Part of the reason for Pochettino’s outlook is the coronavirus pandemic and the changes forced on the game during his absence.
A spiritual individual, who believes in the power of “universal energy” and was formed in the seething cauldrons of Argentine football, Pochettino finds this sterile version of the game – devoid of noise and colour – much less appealing.
“I don’t feel like it’s one year to be honest,” he recently told Sky’s Monday Night Football. “Maybe because with no fans in stadiums, it’s like it’s not football. There’s no passion there, no emotion. We try to enjoy [it] because we love football. We try to lie to ourselves. For the coaching staff, it’s such difficult work.”
That is not to say Pochettino will not take a job until football returns to a semblance of normality, but the situation has made it easier for him to bide his time and watch from the shadows as his stock continues to rise.
Among his various offers have been two approaches from Barcelona, first following the sacking of Ernesto Valverde in January and again in August, when Ronald Koeman replaced Quique Setien.
On both occasions, the former Espanyol boss politely refused the Catalans, although he regrets saying he would never take the job on principle and friends say the decisions have not been principally based on his connection to Barca’s city rivals.
More significantly, Pochettino has not considered the timing or the project to be right at Barca, and he is determined not to jump the gun and accept the wrong job.
As a believer in forces beyond his control, Pochettino is said to be concerned that if he accepts an offer without being 100 per cent sure, the perfect project will immediately present itself elsewhere.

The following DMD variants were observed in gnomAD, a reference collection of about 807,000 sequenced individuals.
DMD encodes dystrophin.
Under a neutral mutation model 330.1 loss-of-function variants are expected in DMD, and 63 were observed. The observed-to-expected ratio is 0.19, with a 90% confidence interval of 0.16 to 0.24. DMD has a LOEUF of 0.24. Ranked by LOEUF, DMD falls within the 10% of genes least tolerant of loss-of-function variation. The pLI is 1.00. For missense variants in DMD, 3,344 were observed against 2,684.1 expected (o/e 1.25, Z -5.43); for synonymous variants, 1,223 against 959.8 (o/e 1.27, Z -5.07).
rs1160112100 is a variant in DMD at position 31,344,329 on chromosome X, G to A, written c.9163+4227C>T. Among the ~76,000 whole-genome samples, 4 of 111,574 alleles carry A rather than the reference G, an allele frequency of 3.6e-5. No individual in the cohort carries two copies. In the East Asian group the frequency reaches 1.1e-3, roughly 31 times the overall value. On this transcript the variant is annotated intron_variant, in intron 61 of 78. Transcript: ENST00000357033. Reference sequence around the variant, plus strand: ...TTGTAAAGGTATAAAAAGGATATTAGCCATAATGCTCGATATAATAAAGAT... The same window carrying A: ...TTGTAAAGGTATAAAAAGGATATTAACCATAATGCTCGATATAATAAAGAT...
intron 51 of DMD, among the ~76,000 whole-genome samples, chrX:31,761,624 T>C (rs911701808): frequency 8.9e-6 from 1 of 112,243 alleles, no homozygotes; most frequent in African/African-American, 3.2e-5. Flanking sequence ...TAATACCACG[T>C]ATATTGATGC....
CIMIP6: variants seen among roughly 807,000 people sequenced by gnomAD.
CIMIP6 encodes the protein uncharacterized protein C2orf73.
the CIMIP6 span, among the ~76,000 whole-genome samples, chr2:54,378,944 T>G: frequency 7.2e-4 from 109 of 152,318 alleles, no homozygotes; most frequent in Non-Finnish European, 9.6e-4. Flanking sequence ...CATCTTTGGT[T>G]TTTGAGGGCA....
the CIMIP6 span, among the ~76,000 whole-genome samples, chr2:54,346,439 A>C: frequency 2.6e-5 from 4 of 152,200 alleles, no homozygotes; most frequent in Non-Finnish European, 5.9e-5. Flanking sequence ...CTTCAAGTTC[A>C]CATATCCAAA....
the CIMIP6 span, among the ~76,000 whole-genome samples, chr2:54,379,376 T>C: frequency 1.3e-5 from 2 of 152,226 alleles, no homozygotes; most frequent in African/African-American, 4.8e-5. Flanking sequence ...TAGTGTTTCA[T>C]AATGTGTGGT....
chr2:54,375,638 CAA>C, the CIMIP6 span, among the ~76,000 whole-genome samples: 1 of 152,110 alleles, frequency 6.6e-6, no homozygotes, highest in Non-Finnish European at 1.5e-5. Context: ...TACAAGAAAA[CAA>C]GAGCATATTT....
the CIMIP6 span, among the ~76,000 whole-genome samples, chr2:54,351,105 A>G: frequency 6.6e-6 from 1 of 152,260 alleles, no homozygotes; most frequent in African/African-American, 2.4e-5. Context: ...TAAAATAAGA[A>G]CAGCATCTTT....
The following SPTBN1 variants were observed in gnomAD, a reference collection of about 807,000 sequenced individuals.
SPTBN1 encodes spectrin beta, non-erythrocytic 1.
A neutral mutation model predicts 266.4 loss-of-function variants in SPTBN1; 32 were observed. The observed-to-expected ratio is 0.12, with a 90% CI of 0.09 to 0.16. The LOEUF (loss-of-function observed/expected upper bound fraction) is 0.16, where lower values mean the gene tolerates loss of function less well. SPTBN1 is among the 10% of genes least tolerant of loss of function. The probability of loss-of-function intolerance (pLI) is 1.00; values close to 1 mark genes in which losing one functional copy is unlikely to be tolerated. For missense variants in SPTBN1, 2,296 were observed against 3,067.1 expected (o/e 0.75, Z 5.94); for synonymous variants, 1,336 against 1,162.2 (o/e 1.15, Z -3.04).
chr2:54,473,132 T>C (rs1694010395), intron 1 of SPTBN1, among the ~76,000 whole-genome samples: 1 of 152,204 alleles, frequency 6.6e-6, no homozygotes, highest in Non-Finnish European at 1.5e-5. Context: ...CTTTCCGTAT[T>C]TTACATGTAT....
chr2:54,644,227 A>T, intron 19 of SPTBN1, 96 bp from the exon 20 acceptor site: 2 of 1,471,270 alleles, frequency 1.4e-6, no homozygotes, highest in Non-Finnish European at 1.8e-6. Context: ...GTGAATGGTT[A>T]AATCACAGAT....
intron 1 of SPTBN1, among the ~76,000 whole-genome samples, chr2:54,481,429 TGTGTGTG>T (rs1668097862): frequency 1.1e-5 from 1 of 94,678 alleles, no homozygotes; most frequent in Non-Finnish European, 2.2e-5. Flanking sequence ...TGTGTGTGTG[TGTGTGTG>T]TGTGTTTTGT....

“He has had a few offers, but for one reason or another it’s not happened,” said Pochettino’s friend, Ossie Ardiles. “He’s just waiting and he’s in a very good position, he can more or less choose where to go.”
Pochettino misses the buzz of management, but a year in exile should not necessarily be considered a fault in his plan.
In May 2019, long after cracks had appeared at Spurs, Pochettino refused to rule out following Pep Guardiola by taking a sabbatical after the idea was floated in the Spanish media. “I am open to everything,” he replied.
For a manager who works with the 48-year-old’s intensity – double sessions, 14-hour days, forensic attention to detail – there was always likely to be a period to switch off and reassess.
It was made easier by the terms of his Spurs exit, with the club placing him on six-month gardening leave until mid-May, which would have forced a new employer to pay them compensation.
Pochettino has enjoyed aspects of unemployment, spending time with his family – and his dog – at his north London home, where he spent the first lockdown, and occasionally in his flat in Barcelona.
He has not been idle, though, and has spent the past year reviewing and refining his coaching philosophy and ideas on leadership with his close-knit team of former Spurs coaches: Jesus Perez, Miguel D’Agostino, Toni Jimenez and his eldest son, Sebastian.
They filmed practically every training session over five-and-a-half years at Spurs and now have thousands of hours of footage on their laptops to pour over and contemplate via Zoom or, when possible, at their homes.
“We’re learning and working a lot, reviewing our ideas, philosophy, principles and leadership,” Pochettino has said. “Like all situations in life, you need to evolve, to try to be better.”
One of the frustrations of the pandemic is that Pochettino has been unable to travel around the world, studying other coaches as he would have liked. He would, for example, have loved to have spent time with his old mentor Marcelo Bielsa at Leeds.
Instead, he has had to make do with watching football, while he waits for an offer he cannot refuse.
“He knows exactly what he wants to do,” said Ardiles, another Spurs legend, who is certain that Pochettino’s next job will be at a top European club.
“Football is his life, so he’s been watching everything and he likes to talk about football.
“He’ll take his time and, before long, he’ll be working again.”
Source: Evening Standard Business News